1. General recommendations for reviewers

  • Before accepting the review, please consider potential conflicts of interest or biases that may hinder your partiality.
  • Read the expanded review criteria (see below) in full and use them as the basis for your evaluation. Please make the relationship between the score (number of points you are giving) and the criteria this score is based on as explicit as possible.
  • Please provide constructive feedback that clearly points out existing weaknesses to the authors and offers concrete suggestions for improvement.
  • Refrain from belittling or derogatory formulations in your review. The review should critically evaluate the submission, but always be constructive in tone.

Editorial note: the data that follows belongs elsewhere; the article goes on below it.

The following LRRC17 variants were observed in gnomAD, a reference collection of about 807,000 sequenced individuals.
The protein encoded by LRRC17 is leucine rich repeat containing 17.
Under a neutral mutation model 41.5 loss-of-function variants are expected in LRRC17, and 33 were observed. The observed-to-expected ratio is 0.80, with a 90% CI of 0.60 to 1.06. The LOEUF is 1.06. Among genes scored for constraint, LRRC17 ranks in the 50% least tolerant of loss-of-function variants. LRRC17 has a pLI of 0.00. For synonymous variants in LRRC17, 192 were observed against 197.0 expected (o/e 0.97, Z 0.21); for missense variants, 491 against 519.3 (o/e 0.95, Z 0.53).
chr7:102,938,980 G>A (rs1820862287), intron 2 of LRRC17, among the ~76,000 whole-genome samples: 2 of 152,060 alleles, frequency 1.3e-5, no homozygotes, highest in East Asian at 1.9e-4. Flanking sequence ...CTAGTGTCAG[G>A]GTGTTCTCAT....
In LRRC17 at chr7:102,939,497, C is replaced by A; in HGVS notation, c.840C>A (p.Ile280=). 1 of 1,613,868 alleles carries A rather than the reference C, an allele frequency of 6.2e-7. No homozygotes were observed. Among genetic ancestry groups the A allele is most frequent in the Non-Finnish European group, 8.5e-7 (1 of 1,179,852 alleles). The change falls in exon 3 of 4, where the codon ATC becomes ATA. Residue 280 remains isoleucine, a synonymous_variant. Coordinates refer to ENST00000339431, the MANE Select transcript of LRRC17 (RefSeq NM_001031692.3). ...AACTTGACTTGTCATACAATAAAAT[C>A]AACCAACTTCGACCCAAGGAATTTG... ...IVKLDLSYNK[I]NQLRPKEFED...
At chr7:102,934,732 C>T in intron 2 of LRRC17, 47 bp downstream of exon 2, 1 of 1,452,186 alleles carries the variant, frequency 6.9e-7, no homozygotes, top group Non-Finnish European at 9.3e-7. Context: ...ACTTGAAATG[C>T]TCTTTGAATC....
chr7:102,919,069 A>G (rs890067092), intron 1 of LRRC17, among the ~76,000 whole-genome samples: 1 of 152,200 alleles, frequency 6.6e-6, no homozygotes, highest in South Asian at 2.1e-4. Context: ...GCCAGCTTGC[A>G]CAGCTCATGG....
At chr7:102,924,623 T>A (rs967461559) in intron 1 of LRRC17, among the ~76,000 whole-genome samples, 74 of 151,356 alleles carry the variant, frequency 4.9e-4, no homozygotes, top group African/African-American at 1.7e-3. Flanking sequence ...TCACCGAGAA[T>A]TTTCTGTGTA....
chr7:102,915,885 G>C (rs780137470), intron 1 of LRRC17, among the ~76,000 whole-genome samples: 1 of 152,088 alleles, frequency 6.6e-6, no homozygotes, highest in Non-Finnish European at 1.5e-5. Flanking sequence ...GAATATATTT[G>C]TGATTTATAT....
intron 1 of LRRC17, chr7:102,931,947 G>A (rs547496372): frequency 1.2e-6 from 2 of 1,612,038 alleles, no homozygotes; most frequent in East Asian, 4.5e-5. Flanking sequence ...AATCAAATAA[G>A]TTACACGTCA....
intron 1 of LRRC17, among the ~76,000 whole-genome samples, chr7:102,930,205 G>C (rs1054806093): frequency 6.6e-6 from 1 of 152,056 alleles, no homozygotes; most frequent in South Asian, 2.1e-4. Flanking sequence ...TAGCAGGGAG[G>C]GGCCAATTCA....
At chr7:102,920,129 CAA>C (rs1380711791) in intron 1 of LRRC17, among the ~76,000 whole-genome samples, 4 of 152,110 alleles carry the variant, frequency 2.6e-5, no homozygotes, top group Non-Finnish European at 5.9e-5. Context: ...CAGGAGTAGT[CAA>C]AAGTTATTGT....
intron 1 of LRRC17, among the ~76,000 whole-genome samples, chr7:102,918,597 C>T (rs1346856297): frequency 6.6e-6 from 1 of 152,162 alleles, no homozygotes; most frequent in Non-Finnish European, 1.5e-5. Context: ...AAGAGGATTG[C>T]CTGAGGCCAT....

• If you have objections to the writing style, cite specific examples/the passages in question.
  • Even if you personally disagree with basic premises of the submission, please critically question whether rejection of the same can be justified with objective arguments. Likewise, please do not reject a submission simply because you are not personally interested in the relevant subject area, but rather make use of the option to decline review in such cases.
  • Please provide appropriate feedback on contributions for which you have no critical comments. In such cases, emphasize the particular strengths of the contribution.
  • The focus of the review is the contribution. Especially in the case of early career scholars, you may consider their disciplinary and academic background.
  • Personal and/or political opinions expressed by authors (e.g., on social media) are not part of the review process and should not be considered.
  • Reviewers should reflect on their own potential unconscious biases and, as much as possible, exclude them from the review process.

2. Bias criteria for declining review